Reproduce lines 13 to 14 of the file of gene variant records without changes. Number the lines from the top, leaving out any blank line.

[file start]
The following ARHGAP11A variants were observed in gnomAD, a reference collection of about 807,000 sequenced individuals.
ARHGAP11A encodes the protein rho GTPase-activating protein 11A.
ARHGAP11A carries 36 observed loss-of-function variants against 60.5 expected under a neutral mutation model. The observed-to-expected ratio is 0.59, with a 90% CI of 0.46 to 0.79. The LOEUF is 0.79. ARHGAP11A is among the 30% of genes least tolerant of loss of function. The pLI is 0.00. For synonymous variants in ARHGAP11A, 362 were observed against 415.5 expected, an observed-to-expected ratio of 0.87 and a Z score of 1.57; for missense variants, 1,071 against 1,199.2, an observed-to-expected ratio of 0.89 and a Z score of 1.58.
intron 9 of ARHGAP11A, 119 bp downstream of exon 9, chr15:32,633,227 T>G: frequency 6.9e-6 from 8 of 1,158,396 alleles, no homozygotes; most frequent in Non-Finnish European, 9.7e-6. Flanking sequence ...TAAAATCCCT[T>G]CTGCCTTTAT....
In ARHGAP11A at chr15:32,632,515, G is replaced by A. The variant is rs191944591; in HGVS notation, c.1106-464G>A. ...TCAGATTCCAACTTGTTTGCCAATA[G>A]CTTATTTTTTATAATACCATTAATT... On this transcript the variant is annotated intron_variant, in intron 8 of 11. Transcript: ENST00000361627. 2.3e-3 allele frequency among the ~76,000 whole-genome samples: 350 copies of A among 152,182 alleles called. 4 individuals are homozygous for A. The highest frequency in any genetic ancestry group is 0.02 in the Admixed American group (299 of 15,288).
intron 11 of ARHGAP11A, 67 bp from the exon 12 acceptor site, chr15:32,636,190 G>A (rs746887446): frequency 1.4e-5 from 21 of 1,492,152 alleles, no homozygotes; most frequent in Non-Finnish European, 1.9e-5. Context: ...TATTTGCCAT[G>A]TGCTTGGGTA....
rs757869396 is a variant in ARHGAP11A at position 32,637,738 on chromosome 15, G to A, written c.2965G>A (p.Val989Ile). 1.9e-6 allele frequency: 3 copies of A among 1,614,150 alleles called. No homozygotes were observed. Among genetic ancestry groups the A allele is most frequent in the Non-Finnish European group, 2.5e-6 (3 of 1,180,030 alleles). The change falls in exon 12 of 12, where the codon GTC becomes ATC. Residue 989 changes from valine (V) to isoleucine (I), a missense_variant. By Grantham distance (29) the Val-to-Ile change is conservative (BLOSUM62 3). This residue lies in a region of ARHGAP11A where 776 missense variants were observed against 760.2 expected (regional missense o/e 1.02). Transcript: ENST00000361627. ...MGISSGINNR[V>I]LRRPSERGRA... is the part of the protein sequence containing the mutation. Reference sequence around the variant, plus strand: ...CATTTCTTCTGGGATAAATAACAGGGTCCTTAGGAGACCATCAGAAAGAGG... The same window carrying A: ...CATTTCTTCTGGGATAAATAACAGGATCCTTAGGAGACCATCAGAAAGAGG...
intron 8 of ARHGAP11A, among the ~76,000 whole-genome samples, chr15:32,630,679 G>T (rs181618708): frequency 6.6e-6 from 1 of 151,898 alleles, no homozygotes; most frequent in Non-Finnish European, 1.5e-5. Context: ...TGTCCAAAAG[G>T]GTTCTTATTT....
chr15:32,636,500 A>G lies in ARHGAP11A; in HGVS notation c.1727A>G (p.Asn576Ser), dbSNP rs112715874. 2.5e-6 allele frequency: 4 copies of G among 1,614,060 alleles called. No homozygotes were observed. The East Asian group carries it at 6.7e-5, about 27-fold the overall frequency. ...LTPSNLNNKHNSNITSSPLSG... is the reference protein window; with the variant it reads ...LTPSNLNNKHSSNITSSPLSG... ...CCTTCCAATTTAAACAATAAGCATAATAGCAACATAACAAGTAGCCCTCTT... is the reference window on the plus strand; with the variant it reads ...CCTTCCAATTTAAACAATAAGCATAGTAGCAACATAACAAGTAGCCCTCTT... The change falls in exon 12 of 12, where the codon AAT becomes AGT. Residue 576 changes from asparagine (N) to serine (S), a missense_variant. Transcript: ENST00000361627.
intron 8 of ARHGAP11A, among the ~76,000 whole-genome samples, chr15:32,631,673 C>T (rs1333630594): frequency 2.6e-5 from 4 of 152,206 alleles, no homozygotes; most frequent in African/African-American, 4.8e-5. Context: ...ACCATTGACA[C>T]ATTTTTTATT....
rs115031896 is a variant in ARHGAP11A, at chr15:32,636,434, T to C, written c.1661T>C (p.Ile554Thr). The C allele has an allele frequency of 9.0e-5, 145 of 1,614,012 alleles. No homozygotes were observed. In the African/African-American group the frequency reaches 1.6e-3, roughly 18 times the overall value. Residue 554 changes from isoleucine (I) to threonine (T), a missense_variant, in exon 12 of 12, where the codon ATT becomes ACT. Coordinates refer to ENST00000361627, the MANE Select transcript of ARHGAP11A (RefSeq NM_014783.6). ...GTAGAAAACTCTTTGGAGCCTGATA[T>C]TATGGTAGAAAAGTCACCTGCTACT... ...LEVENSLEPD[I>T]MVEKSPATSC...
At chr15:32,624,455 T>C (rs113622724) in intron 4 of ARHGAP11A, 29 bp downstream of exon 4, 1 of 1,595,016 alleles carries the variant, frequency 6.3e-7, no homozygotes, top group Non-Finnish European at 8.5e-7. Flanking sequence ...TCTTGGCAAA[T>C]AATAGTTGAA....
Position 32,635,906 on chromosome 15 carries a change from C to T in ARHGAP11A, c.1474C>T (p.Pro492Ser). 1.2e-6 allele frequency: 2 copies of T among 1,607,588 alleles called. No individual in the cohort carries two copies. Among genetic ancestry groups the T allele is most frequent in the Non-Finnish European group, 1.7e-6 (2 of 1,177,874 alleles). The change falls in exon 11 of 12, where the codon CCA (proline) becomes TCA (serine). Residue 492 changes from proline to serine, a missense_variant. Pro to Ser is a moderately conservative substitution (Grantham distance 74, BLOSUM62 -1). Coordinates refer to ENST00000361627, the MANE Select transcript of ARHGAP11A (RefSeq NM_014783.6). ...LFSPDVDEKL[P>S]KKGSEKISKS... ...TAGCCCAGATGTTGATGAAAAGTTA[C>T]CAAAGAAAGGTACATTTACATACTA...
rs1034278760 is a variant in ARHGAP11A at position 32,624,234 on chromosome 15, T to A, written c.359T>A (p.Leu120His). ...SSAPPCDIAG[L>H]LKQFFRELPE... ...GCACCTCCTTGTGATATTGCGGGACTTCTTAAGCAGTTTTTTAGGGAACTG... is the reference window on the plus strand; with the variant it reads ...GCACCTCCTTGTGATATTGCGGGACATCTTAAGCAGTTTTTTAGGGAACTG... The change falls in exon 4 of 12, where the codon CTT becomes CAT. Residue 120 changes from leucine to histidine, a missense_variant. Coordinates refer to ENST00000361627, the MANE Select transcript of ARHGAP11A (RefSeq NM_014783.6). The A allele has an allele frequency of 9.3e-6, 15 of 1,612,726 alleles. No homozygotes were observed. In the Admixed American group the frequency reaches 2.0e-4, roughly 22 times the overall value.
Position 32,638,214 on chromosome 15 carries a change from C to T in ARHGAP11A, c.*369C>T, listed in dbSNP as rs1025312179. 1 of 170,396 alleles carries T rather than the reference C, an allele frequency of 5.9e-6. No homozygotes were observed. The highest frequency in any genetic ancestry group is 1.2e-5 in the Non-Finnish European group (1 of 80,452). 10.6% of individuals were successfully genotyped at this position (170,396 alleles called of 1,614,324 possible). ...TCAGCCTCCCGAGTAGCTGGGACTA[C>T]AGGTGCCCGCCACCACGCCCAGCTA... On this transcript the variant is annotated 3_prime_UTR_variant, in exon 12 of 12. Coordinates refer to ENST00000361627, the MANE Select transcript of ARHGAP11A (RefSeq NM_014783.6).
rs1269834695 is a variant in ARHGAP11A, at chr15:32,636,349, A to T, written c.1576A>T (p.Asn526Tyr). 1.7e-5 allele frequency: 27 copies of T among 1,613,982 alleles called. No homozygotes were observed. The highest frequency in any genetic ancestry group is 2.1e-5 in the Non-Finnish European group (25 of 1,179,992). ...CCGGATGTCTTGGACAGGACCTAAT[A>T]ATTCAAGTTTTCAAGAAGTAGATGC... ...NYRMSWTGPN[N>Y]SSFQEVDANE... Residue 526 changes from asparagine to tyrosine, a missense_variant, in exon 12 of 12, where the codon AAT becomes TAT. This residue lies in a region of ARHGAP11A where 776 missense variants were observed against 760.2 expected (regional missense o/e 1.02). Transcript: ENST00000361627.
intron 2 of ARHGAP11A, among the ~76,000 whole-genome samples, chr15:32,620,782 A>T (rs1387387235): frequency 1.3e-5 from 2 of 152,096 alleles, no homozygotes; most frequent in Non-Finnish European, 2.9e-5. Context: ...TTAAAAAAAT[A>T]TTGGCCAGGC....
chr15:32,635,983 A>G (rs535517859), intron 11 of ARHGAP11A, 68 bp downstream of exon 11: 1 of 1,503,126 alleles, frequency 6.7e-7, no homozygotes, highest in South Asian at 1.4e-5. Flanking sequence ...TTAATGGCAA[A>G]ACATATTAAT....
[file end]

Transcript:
Position 32,635,906 on chromosome 15 carries a change from C to T in ARHGAP11A, c.1474C>T (p.Pro492Ser). 1.2e-6 allele frequency: 2 copies of T among 1,607,588 alleles called. No individual in the cohort carries two copies. Among genetic ancestry groups the T allele is most frequent in the Non-Finnish European group, 1.7e-6 (2 of 1,177,874 alleles). The change falls in exon 11 of 12, where the codon CCA (proline) becomes TCA (serine). Residue 492 changes from proline to serine, a missense_variant. Pro to Ser is a moderately conservative substitution (Grantham distance 74, BLOSUM62 -1). Coordinates refer to ENST00000361627, the MANE Select transcript of ARHGAP11A (RefSeq NM_014783.6). ...LFSPDVDEKL[P>S]KKGSEKISKS... ...TAGCCCAGATGTTGATGAAAAGTTA[C>T]CAAAGAAAGGTACATTTACATACTA...
rs1034278760 is a variant in ARHGAP11A at position 32,624,234 on chromosome 15, T to A, written c.359T>A (p.Leu120His). ...SSAPPCDIAG[L>H]LKQFFRELPE... ...GCACCTCCTTGTGATATTGCGGGACTTCTTAAGCAGTTTTTTAGGGAACTG... is the reference window on the plus strand; with the variant it reads ...GCACCTCCTTGTGATATTGCGGGACATCTTAAGCAGTTTTTTAGGGAACTG... The change falls in exon 4 of 12, where the codon CTT becomes CAT. Residue 120 changes from leucine to histidine, a missense_variant. Coordinates refer to ENST00000361627, the MANE Select transcript of ARHGAP11A (RefSeq NM_014783.6). The A allele has an allele frequency of 9.3e-6, 15 of 1,612,726 alleles. No homozygotes were observed. In the Admixed American group the frequency reaches 2.0e-4, roughly 22 times the overall value.